As long as the correct and necessary information is provided, we can pay fees such as Homeowners Association Dues, lawn maintenance contract, pest control contract, etc.
Am I informed of repairs?
Unless otherwise stated, our standard management agreement includes authorization of non-emergency repairs greater than $300 dollars. For non-emergency repairs estimated to exceed this threshold, work isn’t initiated without your approval.
How do I know maintenance contractors do quality work?
Consistently utilizing the services of our maintenance division allows us to control a higher quality of workmanship. We use a list of third party vendors and require the highest level of professionalism and quality from them.
What if I wish to use my own contractor?
If you have a specific contractor you want to handle your maintenance, it is important that you notify us so that we may indicate it on the Property Management Agreement. We are required to only utilize contractors whom are bonded or insured and whom can provide us with a W-9.
What happens in the event of an emergency?
Tenants are encouraged to take a proactive approach not only to emergencies, but to routine maintenance as well. We maintain a 24 hour emergency response service. All incoming calls are directed to a LIVE AGENT. This service gives our landlords and tenants confidence knowing we are available days, nights, weekends, and holidays when emergencies arise. We manage all questions, complaints, maintenance issues, and emergencies that may arise.
What is the Reserve and why do I need to one?
As stated in the Property Management Agreement, the landlord agrees to allow us to retain a reserve amount from the rental proceeds on behalf of the landlord in the amount of $300.00, from which we may pay expenses associated with the management and operation of the property.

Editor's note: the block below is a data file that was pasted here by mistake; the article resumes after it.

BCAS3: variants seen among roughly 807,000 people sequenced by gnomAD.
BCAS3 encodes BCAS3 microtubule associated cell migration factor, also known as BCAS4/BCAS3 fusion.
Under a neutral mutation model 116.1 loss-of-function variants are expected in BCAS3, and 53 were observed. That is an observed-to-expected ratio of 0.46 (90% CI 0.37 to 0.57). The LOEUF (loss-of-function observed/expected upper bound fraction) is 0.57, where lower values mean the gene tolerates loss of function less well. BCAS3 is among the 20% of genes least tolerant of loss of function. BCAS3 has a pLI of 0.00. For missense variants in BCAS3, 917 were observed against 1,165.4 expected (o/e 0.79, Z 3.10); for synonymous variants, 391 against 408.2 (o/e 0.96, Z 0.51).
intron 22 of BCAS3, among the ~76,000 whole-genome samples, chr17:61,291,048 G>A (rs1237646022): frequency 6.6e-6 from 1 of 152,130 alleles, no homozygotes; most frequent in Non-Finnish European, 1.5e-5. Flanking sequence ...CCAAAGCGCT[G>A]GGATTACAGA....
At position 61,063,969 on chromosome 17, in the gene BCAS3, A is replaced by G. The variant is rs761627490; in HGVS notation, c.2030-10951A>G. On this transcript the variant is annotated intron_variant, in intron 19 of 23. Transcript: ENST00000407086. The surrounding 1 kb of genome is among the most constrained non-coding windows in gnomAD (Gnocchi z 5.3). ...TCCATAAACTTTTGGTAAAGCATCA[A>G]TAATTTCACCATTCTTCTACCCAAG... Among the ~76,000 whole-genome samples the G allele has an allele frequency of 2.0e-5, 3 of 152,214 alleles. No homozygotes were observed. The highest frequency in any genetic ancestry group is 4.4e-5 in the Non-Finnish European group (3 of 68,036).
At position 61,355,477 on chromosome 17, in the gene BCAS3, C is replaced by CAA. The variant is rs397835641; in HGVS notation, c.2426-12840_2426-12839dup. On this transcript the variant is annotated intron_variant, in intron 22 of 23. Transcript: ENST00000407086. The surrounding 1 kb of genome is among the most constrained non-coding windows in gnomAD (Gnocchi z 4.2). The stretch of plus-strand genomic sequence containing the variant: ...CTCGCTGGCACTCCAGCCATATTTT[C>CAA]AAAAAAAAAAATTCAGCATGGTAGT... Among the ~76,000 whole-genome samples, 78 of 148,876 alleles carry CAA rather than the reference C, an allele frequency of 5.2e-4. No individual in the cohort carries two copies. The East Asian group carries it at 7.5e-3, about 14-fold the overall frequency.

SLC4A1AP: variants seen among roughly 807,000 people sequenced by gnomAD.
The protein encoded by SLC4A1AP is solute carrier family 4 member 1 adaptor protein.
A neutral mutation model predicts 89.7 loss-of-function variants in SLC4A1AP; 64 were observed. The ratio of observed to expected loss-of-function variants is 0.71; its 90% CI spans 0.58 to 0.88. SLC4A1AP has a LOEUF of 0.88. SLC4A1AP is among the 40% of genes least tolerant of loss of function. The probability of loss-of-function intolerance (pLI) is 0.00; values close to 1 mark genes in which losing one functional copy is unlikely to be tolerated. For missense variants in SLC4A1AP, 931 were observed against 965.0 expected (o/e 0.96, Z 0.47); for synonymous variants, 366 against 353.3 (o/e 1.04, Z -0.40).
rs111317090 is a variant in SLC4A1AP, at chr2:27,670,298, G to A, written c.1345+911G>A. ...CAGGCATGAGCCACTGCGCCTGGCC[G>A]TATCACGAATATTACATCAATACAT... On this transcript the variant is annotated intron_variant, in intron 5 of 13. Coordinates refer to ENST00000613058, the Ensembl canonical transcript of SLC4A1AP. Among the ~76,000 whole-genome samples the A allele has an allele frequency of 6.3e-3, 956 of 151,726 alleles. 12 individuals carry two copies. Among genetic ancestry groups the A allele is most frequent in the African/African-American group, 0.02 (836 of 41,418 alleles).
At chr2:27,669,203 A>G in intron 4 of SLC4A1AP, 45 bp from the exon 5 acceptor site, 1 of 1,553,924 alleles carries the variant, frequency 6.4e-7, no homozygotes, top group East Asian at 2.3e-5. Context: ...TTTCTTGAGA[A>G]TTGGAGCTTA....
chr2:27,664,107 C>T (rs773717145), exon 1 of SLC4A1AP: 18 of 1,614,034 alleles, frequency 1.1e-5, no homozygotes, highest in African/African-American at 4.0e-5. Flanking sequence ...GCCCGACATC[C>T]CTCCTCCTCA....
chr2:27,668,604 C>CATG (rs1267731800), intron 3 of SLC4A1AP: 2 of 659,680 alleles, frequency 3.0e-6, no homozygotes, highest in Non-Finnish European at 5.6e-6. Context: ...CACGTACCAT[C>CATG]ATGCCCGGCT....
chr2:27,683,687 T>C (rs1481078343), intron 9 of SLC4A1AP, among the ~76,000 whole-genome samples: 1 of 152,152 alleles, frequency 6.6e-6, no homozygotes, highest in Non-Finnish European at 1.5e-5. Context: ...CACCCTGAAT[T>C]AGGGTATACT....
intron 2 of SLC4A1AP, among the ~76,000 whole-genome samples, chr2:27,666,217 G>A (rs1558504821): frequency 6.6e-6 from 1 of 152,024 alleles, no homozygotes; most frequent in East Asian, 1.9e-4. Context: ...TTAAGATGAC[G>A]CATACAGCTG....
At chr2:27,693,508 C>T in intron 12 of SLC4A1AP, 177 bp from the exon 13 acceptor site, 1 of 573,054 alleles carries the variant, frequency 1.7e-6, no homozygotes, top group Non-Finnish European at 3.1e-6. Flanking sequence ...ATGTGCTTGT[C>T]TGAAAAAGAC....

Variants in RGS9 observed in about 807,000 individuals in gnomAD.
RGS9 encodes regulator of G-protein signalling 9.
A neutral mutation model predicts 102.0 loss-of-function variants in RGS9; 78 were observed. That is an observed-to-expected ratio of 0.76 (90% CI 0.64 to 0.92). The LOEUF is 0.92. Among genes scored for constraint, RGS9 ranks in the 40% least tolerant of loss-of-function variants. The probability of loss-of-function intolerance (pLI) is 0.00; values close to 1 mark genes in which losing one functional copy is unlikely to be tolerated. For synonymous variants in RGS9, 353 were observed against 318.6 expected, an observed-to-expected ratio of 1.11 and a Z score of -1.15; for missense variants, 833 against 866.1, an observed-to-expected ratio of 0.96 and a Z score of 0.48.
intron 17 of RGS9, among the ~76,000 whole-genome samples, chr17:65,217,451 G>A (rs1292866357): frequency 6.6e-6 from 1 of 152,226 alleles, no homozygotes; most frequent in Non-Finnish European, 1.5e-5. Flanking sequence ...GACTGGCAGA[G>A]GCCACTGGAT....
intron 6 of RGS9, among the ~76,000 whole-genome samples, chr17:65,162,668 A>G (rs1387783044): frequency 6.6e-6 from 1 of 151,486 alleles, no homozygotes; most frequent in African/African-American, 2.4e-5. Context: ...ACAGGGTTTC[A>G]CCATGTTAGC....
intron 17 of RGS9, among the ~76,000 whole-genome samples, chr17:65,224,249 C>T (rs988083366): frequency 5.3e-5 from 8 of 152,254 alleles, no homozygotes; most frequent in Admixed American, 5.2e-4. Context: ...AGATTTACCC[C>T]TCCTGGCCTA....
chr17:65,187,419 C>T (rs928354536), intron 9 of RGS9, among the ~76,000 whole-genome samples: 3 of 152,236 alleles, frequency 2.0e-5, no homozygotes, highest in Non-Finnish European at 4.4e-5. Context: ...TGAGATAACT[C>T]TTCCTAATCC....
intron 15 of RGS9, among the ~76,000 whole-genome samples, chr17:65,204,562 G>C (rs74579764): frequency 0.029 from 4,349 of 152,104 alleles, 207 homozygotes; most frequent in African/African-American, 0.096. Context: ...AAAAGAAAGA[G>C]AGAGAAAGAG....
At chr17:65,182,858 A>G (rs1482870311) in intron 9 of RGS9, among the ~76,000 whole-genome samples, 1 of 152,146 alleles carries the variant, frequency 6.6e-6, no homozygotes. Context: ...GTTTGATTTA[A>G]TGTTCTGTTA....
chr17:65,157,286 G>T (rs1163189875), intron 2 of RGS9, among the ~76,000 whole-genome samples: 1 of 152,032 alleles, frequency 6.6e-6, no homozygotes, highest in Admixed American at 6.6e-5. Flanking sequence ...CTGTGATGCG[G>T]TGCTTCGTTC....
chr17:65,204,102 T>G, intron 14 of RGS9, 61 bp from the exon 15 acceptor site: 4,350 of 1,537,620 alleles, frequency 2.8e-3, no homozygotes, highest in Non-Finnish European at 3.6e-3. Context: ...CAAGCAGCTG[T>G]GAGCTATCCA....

Throughout the management process, we may be required to order repairs or pay expenses for the property. At NO TIME can we pay any expenses that exceed the account balance or reserve amount. You will be contacted to forward an adequate amount of funds necessary to cover any expenses for your property.
Can I contact the tenants?
We do not encourage landlords to contact the tenant directly, as it’s written in the lease that the tenant must contact us with any concerns or questions; otherwise, it’s considered a violation. We prefer to handle all communication, as we are the buffer between the landlord and the tenant and stand firm in the face of adversity to enforce the rules of the lease and the legal obligations of both parties. It’s difficult to protect a homeowner if we are unaware of any agreements. We want to ensure that any arrangements between the landlord and tenant are handled in accordance with the law. This is critical in preventing lawsuits and shielding the landlord and even Bev Roberts Rentals from liability. Abiding by the contracts are very important as the lease is the only binding agreement between us and the tenant. We’ve seen owners with good intentions make agreements that put themselves, their property, and finances at risk. Since we’re the property manager, it puts us at risk as well. One lawsuit avoided can pay for many years of property management fees..